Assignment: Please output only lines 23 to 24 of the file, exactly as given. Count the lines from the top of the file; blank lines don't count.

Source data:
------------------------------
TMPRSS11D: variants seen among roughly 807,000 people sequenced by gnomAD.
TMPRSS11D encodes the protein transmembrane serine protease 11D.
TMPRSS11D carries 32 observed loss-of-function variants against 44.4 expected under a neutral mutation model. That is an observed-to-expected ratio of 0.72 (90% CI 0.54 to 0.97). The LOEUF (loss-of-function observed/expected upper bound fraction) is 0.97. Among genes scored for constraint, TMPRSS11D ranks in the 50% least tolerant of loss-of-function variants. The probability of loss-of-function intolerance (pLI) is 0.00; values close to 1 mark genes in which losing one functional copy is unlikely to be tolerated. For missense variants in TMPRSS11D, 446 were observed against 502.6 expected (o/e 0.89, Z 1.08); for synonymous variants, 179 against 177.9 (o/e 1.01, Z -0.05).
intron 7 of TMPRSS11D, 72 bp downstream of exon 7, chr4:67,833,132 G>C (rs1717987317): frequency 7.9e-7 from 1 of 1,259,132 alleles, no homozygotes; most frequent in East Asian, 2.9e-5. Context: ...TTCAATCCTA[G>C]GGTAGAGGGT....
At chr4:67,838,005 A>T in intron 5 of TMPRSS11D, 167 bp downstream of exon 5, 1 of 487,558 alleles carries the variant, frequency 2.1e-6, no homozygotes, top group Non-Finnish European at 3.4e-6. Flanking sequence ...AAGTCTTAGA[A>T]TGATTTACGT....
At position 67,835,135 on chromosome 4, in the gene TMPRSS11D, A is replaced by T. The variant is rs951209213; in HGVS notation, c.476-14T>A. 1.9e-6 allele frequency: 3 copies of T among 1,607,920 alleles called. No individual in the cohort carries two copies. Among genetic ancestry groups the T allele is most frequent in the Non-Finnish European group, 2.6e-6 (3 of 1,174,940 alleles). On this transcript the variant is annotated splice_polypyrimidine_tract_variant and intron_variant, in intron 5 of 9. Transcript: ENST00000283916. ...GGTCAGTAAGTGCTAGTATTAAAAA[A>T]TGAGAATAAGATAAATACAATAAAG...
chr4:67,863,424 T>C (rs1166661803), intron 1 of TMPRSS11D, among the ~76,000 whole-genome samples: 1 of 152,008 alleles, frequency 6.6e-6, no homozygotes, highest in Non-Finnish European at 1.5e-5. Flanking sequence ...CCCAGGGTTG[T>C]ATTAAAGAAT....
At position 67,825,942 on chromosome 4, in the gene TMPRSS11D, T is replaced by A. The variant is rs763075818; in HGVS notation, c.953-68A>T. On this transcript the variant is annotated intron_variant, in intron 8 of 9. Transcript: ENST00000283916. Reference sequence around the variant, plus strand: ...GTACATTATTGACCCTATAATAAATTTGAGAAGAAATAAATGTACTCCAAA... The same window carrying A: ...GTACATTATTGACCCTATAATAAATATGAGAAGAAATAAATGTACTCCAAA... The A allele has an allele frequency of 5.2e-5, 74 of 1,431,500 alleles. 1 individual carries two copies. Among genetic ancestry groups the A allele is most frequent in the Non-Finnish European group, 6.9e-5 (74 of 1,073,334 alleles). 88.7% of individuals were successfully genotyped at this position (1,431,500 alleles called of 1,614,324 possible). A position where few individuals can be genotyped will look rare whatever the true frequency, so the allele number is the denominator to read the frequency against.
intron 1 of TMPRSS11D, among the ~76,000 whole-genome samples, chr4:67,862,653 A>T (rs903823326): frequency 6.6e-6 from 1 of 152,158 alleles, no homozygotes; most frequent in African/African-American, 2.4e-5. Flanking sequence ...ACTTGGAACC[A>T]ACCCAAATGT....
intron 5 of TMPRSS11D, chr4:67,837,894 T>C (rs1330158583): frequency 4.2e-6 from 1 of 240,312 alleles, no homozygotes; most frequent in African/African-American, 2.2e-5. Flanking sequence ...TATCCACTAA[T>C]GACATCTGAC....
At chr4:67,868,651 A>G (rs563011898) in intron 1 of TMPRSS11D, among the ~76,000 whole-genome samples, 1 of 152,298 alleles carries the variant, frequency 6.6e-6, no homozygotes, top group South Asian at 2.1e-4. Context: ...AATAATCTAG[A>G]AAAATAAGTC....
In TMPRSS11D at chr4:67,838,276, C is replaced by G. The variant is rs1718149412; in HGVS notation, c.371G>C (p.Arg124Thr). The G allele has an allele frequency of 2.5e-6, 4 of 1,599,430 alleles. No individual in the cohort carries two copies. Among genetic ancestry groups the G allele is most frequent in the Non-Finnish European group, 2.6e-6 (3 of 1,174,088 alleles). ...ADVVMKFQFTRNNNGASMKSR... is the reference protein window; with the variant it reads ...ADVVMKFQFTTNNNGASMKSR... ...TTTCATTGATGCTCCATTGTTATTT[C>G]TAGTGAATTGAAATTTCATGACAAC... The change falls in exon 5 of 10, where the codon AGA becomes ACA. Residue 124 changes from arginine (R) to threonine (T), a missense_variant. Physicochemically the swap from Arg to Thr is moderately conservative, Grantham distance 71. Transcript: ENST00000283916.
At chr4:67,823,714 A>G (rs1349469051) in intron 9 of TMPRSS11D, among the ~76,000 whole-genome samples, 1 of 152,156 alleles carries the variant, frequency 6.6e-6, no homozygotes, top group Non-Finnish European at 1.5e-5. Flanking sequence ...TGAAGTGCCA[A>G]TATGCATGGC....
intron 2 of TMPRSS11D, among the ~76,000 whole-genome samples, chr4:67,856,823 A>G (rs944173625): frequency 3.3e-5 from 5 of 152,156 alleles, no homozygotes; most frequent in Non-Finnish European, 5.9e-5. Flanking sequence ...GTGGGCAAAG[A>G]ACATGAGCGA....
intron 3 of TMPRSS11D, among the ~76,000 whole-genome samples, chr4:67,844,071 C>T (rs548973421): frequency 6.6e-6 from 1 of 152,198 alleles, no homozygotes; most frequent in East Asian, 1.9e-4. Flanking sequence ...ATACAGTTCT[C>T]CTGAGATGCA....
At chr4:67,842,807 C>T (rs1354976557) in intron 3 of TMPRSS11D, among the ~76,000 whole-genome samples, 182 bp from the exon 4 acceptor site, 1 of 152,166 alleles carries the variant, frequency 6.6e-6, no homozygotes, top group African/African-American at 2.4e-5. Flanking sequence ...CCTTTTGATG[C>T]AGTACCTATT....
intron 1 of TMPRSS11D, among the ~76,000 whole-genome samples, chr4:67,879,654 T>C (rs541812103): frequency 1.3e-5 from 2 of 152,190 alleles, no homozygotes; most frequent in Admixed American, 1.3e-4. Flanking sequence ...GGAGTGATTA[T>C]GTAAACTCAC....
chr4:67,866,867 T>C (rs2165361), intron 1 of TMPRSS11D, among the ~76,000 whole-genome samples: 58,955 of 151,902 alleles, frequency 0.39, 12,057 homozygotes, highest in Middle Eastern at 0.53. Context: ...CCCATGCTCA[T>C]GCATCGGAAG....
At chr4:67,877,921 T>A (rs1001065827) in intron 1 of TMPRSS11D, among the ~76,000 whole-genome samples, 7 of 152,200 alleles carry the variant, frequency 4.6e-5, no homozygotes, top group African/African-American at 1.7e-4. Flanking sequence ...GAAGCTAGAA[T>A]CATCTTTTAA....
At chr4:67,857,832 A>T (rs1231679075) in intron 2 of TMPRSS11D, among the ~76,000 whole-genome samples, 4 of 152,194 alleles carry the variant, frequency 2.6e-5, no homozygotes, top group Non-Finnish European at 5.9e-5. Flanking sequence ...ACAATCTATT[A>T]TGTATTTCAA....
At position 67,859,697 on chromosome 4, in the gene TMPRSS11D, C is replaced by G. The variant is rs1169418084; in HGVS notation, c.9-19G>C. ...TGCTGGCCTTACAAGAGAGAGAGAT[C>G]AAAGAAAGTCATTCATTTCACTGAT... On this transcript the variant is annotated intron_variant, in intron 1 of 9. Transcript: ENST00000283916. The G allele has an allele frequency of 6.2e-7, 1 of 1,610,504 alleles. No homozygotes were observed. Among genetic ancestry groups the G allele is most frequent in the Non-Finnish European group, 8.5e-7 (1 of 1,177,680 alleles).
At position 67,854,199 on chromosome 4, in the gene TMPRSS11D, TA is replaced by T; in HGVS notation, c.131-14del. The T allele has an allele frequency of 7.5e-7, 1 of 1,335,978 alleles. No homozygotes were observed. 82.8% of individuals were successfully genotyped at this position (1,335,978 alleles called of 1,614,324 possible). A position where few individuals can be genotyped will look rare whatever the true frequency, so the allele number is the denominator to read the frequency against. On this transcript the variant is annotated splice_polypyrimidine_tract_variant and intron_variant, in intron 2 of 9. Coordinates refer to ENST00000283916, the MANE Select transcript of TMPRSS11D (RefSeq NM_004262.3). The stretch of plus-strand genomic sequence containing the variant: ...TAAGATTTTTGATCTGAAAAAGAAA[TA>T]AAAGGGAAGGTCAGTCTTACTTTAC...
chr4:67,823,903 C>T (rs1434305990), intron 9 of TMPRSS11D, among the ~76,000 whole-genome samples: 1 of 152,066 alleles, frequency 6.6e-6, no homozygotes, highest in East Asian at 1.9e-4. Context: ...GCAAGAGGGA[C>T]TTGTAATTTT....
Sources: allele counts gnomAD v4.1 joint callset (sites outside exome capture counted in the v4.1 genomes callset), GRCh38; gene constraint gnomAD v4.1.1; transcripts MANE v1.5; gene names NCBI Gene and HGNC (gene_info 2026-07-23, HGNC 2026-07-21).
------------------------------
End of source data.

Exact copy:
chr4:67,823,903 C>T (rs1434305990), intron 9 of TMPRSS11D, among the ~76,000 whole-genome samples: 1 of 152,066 alleles, frequency 6.6e-6, no homozygotes, highest in East Asian at 1.9e-4. Context: ...GCAAGAGGGA[C>T]TTGTAATTTT....
Sources: allele counts gnomAD v4.1 joint callset (sites outside exome capture counted in the v4.1 genomes callset), GRCh38; gene constraint gnomAD v4.1.1; transcripts MANE v1.5; gene names NCBI Gene and HGNC (gene_info 2026-07-23, HGNC 2026-07-21).